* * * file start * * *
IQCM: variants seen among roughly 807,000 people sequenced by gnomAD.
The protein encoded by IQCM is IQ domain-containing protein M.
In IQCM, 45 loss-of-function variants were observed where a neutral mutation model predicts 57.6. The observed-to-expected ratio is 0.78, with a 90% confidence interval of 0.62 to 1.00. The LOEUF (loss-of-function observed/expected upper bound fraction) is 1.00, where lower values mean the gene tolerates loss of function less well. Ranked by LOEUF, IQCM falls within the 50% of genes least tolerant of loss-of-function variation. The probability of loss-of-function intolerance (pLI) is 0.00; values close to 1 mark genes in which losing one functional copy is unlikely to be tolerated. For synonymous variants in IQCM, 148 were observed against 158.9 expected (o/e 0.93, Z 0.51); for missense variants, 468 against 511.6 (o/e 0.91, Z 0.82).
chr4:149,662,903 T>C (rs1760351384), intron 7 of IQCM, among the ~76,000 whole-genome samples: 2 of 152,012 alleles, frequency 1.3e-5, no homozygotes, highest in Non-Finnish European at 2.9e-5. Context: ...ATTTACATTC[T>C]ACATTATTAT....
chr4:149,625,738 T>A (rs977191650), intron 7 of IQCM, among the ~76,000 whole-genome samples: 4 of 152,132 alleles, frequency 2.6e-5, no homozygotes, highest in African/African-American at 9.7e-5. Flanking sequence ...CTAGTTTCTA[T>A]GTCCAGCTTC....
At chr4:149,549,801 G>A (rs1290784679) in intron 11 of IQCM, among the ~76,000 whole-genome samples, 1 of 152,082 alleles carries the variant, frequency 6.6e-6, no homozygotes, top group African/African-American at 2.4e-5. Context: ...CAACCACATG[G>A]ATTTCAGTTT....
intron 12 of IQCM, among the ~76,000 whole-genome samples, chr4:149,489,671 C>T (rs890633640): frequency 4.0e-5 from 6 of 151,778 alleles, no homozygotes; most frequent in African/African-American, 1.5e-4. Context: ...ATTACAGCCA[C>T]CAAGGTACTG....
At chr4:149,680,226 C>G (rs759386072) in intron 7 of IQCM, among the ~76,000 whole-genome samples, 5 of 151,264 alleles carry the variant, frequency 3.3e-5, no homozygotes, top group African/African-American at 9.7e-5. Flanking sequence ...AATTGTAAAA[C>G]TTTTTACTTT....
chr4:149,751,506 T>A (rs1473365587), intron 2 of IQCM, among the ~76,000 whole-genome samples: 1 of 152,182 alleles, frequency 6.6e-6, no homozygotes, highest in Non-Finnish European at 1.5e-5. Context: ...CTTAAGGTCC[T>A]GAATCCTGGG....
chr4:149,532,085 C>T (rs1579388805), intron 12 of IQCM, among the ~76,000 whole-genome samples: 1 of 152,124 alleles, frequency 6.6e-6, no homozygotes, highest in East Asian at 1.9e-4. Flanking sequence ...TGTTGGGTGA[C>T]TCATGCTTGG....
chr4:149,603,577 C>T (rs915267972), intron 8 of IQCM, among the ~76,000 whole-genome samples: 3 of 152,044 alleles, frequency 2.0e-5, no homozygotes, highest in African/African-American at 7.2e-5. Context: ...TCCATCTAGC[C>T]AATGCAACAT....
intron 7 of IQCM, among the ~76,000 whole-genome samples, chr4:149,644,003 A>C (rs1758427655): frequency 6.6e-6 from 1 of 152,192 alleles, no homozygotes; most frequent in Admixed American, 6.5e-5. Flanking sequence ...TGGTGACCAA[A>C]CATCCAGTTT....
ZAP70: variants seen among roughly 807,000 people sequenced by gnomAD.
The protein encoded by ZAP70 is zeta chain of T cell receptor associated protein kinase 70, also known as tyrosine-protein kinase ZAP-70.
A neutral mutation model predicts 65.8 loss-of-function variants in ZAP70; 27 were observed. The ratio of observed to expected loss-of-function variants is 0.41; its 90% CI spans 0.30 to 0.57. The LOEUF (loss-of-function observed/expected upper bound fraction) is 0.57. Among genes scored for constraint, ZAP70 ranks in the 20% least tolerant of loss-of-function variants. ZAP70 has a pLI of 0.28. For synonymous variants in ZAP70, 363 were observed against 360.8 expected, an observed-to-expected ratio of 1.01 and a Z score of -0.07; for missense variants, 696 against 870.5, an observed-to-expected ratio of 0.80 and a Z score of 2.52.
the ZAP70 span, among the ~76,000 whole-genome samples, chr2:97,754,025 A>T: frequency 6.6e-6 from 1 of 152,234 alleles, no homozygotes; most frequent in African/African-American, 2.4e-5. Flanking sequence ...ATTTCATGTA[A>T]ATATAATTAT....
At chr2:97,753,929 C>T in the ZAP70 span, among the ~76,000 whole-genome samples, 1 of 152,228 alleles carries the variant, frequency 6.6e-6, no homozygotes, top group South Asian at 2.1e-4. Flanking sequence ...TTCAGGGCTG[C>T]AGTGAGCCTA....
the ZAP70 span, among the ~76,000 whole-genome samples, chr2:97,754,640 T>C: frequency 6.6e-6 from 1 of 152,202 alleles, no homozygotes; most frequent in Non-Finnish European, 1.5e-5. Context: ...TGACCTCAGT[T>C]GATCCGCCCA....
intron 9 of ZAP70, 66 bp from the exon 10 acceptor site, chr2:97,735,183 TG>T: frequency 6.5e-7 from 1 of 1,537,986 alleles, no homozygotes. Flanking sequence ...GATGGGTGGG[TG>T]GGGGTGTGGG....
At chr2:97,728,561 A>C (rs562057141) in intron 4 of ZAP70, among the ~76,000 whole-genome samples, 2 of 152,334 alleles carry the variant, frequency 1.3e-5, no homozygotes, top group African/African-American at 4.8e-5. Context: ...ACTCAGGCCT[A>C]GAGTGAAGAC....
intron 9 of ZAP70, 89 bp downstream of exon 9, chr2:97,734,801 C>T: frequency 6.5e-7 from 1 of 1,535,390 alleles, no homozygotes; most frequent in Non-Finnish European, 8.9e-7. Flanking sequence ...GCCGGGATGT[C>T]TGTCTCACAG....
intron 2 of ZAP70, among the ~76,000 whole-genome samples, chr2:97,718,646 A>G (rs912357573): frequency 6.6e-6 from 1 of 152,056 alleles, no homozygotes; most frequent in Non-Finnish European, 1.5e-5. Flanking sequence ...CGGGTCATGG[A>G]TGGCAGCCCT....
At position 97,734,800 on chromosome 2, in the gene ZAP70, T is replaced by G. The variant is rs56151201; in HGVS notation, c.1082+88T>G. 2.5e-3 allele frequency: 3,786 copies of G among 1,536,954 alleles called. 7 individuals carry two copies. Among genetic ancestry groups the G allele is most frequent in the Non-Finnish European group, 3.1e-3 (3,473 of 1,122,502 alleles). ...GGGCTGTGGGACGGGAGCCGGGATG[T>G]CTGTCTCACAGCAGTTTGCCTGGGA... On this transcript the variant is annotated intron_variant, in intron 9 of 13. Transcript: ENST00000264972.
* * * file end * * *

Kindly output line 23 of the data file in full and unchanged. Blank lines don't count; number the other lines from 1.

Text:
At position 97,734,800 on chromosome 2, in the gene ZAP70, T is replaced by G. The variant is rs56151201; in HGVS notation, c.1082+88T>G. 2.5e-3 allele frequency: 3,786 copies of G among 1,536,954 alleles called. 7 individuals carry two copies. Among genetic ancestry groups the G allele is most frequent in the Non-Finnish European group, 3.1e-3 (3,473 of 1,122,502 alleles). ...GGGCTGTGGGACGGGAGCCGGGATG[T>G]CTGTCTCACAGCAGTTTGCCTGGGA... On this transcript the variant is annotated intron_variant, in intron 9 of 13. Transcript: ENST00000264972.